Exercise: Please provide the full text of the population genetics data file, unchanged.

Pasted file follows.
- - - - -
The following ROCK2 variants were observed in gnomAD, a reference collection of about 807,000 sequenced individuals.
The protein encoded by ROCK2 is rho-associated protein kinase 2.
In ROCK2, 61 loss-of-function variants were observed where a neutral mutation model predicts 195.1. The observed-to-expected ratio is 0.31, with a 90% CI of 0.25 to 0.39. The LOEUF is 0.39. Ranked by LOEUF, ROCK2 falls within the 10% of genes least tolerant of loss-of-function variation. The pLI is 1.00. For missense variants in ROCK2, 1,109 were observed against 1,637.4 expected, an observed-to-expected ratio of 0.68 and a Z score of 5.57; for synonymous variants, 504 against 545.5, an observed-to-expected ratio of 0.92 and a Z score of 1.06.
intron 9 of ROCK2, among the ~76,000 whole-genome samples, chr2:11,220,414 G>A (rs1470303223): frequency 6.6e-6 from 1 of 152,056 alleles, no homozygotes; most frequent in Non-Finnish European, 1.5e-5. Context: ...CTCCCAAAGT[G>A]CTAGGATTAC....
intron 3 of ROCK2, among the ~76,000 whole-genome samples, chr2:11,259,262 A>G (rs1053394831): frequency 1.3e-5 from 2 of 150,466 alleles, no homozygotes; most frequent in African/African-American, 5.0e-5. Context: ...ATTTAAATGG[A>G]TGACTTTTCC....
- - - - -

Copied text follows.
The following ROCK2 variants were observed in gnomAD, a reference collection of about 807,000 sequenced individuals.
The protein encoded by ROCK2 is rho-associated protein kinase 2.
In ROCK2, 61 loss-of-function variants were observed where a neutral mutation model predicts 195.1. The observed-to-expected ratio is 0.31, with a 90% CI of 0.25 to 0.39. The LOEUF is 0.39. Ranked by LOEUF, ROCK2 falls within the 10% of genes least tolerant of loss-of-function variation. The pLI is 1.00. For missense variants in ROCK2, 1,109 were observed against 1,637.4 expected, an observed-to-expected ratio of 0.68 and a Z score of 5.57; for synonymous variants, 504 against 545.5, an observed-to-expected ratio of 0.92 and a Z score of 1.06.
intron 9 of ROCK2, among the ~76,000 whole-genome samples, chr2:11,220,414 G>A (rs1470303223): frequency 6.6e-6 from 1 of 152,056 alleles, no homozygotes; most frequent in Non-Finnish European, 1.5e-5. Context: ...CTCCCAAAGT[G>A]CTAGGATTAC....
intron 3 of ROCK2, among the ~76,000 whole-genome samples, chr2:11,259,262 A>G (rs1053394831): frequency 1.3e-5 from 2 of 150,466 alleles, no homozygotes; most frequent in African/African-American, 5.0e-5. Context: ...ATTTAAATGG[A>G]TGACTTTTCC....